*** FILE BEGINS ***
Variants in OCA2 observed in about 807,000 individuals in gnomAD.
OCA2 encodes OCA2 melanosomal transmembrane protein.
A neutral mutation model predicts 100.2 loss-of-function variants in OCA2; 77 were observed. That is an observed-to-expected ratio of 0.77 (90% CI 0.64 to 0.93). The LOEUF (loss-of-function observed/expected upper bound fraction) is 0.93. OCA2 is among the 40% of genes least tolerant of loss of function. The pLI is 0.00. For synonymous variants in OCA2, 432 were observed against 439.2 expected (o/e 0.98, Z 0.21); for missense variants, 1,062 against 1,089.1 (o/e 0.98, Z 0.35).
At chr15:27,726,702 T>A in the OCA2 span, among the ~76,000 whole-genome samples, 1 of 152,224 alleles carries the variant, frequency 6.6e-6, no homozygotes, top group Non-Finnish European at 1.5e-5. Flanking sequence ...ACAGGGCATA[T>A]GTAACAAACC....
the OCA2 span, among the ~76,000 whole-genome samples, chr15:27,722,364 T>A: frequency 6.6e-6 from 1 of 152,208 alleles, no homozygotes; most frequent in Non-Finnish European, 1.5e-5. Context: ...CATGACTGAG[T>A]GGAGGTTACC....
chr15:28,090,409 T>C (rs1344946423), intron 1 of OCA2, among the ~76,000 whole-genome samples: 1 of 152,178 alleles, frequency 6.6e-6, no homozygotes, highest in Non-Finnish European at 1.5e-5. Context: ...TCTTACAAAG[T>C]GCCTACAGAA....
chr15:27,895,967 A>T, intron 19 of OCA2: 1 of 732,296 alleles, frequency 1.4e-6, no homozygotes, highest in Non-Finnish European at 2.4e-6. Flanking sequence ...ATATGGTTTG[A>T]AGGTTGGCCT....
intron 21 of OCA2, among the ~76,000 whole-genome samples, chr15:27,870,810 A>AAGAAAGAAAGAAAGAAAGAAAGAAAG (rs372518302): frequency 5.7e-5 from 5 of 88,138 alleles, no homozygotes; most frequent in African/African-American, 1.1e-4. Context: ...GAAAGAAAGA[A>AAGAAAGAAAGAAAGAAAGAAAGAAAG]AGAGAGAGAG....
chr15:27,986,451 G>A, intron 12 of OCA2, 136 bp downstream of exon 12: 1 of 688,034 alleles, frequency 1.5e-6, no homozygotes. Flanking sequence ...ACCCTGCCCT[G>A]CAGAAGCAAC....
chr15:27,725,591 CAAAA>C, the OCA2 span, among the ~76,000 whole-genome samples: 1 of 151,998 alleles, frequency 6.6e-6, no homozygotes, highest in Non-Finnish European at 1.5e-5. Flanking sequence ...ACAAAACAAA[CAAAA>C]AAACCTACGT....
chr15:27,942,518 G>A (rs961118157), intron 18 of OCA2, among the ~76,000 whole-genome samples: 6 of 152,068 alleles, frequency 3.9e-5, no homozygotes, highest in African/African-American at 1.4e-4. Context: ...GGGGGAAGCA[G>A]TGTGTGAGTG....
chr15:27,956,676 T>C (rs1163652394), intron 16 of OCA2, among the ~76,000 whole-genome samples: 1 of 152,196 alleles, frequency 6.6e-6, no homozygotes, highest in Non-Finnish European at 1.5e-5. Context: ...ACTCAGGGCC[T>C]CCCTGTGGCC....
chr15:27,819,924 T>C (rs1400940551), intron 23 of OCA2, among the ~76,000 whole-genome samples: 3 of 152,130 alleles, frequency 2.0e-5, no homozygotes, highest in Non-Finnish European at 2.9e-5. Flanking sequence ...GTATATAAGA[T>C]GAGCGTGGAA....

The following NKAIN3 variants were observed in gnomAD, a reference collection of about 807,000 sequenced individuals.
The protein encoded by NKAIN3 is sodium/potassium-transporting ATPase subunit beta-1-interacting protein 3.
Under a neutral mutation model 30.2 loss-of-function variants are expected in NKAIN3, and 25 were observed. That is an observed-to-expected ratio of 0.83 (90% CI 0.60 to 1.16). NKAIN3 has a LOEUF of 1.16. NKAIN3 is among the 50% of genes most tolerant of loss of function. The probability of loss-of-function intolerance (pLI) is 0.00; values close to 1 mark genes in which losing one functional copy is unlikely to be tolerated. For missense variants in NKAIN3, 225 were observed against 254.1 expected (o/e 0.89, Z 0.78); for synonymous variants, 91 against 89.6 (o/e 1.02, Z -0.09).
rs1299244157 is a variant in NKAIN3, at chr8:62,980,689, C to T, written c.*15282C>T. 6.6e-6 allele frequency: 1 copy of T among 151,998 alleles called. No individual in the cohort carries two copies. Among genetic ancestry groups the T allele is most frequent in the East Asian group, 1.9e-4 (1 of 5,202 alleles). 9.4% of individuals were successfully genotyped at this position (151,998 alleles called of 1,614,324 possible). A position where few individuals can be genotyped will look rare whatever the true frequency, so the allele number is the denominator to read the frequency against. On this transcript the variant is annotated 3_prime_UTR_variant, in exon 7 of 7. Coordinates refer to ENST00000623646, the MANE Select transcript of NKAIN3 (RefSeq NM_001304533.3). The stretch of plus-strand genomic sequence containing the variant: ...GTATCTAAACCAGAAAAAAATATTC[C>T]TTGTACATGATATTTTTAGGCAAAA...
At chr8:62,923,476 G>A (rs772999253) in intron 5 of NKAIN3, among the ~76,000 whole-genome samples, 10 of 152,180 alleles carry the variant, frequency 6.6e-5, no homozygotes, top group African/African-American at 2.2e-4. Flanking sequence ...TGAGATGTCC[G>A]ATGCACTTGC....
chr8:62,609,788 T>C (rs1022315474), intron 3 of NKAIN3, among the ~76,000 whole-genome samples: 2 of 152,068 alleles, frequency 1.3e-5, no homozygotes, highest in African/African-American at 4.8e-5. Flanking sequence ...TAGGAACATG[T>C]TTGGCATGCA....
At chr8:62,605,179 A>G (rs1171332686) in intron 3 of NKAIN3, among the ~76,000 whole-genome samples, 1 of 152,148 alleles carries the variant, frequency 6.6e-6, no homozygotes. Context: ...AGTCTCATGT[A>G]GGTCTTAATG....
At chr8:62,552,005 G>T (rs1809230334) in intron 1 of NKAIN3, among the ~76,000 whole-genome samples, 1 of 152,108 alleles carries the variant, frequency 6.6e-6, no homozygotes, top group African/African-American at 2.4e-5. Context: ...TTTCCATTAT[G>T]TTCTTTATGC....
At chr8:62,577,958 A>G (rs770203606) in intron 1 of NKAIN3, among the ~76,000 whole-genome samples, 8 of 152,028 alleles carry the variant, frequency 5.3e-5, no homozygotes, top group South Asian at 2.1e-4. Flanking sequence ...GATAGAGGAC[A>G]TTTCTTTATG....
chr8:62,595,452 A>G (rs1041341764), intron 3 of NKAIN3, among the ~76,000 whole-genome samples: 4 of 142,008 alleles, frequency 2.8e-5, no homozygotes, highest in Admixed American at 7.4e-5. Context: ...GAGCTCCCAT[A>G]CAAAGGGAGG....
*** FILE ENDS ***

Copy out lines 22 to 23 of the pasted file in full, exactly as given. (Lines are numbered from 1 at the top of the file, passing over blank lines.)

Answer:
At chr8:62,577,958 A>G (rs770203606) in intron 1 of NKAIN3, among the ~76,000 whole-genome samples, 8 of 152,028 alleles carry the variant, frequency 5.3e-5, no homozygotes, top group South Asian at 2.1e-4. Flanking sequence ...GATAGAGGAC[A>G]TTTCTTTATG....
chr8:62,595,452 A>G (rs1041341764), intron 3 of NKAIN3, among the ~76,000 whole-genome samples: 4 of 142,008 alleles, frequency 2.8e-5, no homozygotes, highest in Admixed American at 7.4e-5. Context: ...GAGCTCCCAT[A>G]CAAAGGGAGG....